Timothy Bazemore, Sr. is a native of Bertie County, NC. Bazemore was inducted into the army in 1945 and was scheduled for assignment in Japan the day the atomic bomb was dropped on Hiroshima. After returning to the United States in 1947, he became an entrepreneur in the logging and farming industries until 1967.
Bazemore was involved in many community activities during that time, one of which was the organization of a tutorial program in the 1960s that was instrumental in getting aides for teachers into the classrooms of the Bertie County School system. He then went on to found the Good Neighbor Council, a biracial group designated to combat race relation issues. While studying brick masonry under the GI Bill, he was offered a position through Choanoke Area Development Association (CADA) and the North Carolina Fund to work with the Relocation Program moving families from rural eastern North Carolina to the Piedmont Area. He initiated the Woodard Home Grown Food Project – “Growing Food for All Families” and became active on the CADA Board of Directors while he worked to save the Bertie County sewing industry. In order to rebuild it, he started an employee-owned operation in the manufacture of children’s clothing called “Workers Owned.” It grew from 5 employees to 70 people and developed contracts as large as a half a million dollars with companies such as Kmart. Finally, Bazemore was inducted into the North Carolina Community Action Association Hall of Fame in 2009.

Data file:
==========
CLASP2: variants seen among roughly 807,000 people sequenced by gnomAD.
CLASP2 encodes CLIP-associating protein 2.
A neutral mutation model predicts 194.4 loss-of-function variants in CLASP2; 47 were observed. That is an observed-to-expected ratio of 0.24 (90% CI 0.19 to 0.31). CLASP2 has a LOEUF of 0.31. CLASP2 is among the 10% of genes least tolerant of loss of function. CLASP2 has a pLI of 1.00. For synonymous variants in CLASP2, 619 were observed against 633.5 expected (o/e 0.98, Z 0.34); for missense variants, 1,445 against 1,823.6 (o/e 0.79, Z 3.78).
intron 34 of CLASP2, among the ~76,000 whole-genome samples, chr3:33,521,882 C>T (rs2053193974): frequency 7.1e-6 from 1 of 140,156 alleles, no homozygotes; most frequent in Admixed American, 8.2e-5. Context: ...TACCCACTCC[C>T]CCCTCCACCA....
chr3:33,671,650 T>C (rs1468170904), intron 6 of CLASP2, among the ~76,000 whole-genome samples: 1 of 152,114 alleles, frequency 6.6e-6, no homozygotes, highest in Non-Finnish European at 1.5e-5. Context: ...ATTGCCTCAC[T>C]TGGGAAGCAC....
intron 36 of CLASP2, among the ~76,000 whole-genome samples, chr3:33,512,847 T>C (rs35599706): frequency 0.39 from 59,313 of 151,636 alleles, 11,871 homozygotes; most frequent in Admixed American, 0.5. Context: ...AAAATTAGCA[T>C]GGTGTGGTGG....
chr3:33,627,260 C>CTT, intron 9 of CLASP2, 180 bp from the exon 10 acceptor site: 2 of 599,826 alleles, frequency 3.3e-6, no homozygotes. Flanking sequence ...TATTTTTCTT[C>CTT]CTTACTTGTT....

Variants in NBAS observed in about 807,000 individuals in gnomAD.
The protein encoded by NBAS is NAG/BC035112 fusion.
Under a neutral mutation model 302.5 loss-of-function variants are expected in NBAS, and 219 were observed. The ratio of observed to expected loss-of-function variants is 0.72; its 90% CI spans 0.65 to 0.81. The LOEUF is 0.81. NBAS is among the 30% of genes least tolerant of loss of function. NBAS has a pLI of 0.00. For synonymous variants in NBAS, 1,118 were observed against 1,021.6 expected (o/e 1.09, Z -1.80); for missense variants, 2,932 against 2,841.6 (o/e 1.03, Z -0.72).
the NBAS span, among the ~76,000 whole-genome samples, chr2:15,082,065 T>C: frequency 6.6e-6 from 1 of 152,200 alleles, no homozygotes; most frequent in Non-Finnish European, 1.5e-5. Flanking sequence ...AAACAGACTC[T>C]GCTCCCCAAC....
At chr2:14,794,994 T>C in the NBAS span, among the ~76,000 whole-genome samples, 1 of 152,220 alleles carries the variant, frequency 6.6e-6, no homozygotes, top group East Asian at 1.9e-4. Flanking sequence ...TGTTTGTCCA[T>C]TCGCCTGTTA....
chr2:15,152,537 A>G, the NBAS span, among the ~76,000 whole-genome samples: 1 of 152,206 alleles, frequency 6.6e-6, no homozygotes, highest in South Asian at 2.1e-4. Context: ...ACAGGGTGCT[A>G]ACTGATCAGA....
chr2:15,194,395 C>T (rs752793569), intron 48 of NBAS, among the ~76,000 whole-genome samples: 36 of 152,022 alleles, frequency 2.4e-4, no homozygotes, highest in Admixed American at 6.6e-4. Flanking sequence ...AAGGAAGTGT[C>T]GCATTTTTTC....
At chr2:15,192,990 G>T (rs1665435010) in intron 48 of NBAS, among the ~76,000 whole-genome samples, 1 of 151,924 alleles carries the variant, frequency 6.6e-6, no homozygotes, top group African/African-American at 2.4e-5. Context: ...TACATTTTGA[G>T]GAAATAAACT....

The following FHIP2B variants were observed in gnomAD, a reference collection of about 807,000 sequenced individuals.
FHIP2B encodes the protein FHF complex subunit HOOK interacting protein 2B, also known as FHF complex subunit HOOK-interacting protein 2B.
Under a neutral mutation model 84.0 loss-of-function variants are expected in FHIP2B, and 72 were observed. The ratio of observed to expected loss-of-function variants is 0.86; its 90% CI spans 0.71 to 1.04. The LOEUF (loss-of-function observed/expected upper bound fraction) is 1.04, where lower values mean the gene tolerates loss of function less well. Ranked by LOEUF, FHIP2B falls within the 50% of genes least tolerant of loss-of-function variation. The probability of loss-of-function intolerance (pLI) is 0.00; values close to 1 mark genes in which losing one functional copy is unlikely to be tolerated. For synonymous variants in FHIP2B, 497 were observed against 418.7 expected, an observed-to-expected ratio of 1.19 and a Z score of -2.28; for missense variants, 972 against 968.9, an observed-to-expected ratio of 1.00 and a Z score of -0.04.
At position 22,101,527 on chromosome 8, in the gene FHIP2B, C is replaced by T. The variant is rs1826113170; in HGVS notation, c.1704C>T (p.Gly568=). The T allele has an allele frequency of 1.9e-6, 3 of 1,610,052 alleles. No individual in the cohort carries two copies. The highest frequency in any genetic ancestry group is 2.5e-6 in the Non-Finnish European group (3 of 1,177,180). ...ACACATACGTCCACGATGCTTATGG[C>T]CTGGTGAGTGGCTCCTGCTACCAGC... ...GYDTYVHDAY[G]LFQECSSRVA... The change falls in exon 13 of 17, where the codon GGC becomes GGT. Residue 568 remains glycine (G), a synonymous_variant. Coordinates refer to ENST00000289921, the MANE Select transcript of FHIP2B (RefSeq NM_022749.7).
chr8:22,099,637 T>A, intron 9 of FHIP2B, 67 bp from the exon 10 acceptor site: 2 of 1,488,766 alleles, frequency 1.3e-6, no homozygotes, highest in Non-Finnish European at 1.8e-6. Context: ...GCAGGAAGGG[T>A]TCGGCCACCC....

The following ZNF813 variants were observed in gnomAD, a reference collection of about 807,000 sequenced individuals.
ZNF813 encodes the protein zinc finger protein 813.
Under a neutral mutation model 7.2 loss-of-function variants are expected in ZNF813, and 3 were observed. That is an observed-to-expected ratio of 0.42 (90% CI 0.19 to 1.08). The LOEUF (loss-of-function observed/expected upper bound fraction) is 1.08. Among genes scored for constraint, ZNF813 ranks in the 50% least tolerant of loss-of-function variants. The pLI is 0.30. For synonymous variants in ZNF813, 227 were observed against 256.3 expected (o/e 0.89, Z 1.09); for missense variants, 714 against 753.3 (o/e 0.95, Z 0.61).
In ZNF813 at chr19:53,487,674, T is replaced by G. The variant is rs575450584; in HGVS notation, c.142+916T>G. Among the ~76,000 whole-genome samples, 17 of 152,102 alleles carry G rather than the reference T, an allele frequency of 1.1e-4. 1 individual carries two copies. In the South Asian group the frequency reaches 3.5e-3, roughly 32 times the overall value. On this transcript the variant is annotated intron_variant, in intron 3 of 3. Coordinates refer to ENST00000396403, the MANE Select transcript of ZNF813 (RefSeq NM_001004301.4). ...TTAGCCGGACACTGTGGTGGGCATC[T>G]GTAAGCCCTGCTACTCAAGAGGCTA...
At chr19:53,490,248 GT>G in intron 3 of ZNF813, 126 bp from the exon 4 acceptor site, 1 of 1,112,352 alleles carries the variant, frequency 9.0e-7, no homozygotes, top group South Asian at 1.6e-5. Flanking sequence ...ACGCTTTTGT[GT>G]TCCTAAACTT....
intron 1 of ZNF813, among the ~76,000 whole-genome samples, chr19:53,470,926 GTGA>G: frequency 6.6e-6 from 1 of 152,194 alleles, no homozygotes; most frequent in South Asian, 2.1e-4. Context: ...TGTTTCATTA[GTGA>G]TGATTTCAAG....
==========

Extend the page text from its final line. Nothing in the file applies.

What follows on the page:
Interviewed by Kathy Hoke, research assistant for the Project on Southern Rural Poverty, February 18, 1992.
Note: This interview is audio only. The transcript below is not synchronized with the audio.
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